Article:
The marquee World Economic Outlook noted the development of a quick recovery in economic growth in China that was "faster than expected" in its October Update of the report. China seemed to be an exception to the greater economic downtrend (as visualized by the chart of industrial production) and the report made sure to point that out. However, it also suggested there were obstacles to achieving pre-pandemic GDP levels. In the end, the international financial organization just missed its China 2020 GDP growth projection of 1.9% by 0.4% (it's worth noting the IMF's April projection was 1.2% and June projection was 1.0%).
The Chinese outperformance wasn't due to the amount of financial support its central bank and its government provided to the economy. Deficit spending was only allowed to rise from 2.8% of GDP to 3.6% of GDP. While it did set a record high for the nation, it was nothing close to the US 2020 budget deficit of 14.9% of GDP, up from 4.6% of GDP, estimated by the CBO. This included a fiscal stimulus bill put forth by Beijing in May 2020 worth about $500 billion, a much smaller price tag than the $3 trillion that the US put forth. Spending in the European Union has outpaced China as well with an estimate of 16% of EU GDP in spending on liquidity support including a recent relief package worth about $655 billion.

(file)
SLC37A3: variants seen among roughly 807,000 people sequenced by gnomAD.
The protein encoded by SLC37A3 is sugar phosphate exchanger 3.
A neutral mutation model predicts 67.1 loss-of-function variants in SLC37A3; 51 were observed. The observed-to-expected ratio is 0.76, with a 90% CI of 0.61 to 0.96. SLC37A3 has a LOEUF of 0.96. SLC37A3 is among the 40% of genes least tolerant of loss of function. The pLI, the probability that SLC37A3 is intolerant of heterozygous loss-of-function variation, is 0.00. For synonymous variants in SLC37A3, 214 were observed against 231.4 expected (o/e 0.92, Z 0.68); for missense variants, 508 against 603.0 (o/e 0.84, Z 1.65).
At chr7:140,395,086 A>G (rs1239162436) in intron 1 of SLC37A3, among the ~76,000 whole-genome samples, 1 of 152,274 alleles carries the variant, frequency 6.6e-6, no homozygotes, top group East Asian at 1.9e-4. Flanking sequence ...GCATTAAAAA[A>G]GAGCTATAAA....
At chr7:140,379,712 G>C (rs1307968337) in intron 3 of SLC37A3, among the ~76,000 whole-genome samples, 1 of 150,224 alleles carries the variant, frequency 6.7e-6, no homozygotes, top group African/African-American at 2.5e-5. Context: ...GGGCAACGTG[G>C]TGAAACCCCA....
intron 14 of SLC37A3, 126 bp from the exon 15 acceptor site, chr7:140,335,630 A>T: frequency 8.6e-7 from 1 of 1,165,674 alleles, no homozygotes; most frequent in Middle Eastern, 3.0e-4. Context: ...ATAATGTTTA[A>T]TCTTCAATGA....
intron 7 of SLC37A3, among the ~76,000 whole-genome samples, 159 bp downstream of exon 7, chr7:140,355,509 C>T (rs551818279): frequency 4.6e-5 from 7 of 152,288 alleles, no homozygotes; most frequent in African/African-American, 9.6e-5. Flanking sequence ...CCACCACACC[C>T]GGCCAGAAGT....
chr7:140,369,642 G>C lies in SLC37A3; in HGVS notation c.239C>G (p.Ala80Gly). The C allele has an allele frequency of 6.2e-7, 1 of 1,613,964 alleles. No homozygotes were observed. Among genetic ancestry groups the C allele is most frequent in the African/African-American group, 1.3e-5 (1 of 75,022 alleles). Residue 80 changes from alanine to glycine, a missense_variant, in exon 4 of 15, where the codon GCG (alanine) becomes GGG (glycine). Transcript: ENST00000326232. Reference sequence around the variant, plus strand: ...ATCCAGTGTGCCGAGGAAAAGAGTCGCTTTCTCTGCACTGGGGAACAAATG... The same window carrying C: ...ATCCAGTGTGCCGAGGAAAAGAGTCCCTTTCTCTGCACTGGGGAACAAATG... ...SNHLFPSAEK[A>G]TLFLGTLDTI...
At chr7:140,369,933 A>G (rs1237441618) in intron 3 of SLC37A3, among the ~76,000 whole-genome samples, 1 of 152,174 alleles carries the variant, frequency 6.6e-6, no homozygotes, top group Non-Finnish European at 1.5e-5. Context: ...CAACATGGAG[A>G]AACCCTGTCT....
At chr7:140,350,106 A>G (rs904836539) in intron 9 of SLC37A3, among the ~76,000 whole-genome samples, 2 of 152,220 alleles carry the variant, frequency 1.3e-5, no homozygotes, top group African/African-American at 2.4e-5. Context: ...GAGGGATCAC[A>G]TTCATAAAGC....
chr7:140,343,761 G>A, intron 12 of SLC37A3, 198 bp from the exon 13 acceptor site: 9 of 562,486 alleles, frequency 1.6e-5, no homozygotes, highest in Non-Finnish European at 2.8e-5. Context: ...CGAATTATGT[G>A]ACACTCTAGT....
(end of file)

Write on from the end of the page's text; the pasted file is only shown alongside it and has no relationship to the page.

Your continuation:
Instead, China's outperformance appears to have been due to its success in suppressing the spread of COVID-19 with strict lockdown procedures which included lockdowns of entire apartment buildings and even cities when an outbreak started. China could also rely on its citizen's mindfulness of public health which includes familiarity with face masks. According to official data, China has seen only 71 cases per 1 million people, compared to the world average of 12,583 cases per 1 million people, and only 34 deaths per 1 million people, compared to the world average of 2,686 deaths per 1 million people. These numbers are better than most African nations and island nations (which are arguably easier to lockdown and quarantine) like New Zealand, Australia, and Cuba.
Evidence of a strong recovery and a successful repellant of COVID-19 can be found in trade data. In particular, there is evidence of strength in steel production data since China supplies over 50% of global steel. According to a FAS report, Chinese steel production increased 4.5% in the first 3 quarters of 2020 over the first 3 quarters of 2019. In the same period, steel production fell double-digits in the EU, North America, India, and Japan. China also imported 7.3% more crude oil in 2020 at a rate of 10.85 million barrels a day and set a record in LNG imports in December 2020 at over 9 million tons.
There is a sizeable amount of skepticism in China's numbers, both economic and COVID-19 cases, that has stemmed from confusion in China's cooperation with the World Health Organization and the general opacity in which its data is released. However, there is also evidence to support the positive numbers as well. In fact, skeptics are likely biased by their own understanding of the virus the pandemic which has brought a whirlwind of disease and death to most developed nations in the world. There is no doubt that the Chinese economy has proven to be resilient in the past with an economy that has continued to beat expectations. And as a citizen of the global economy, that should be seen as a sign of hope that the world can bounce back too not just because of the interconnectedness of economies but because it can provide a blueprint back for the rest of the world to follow.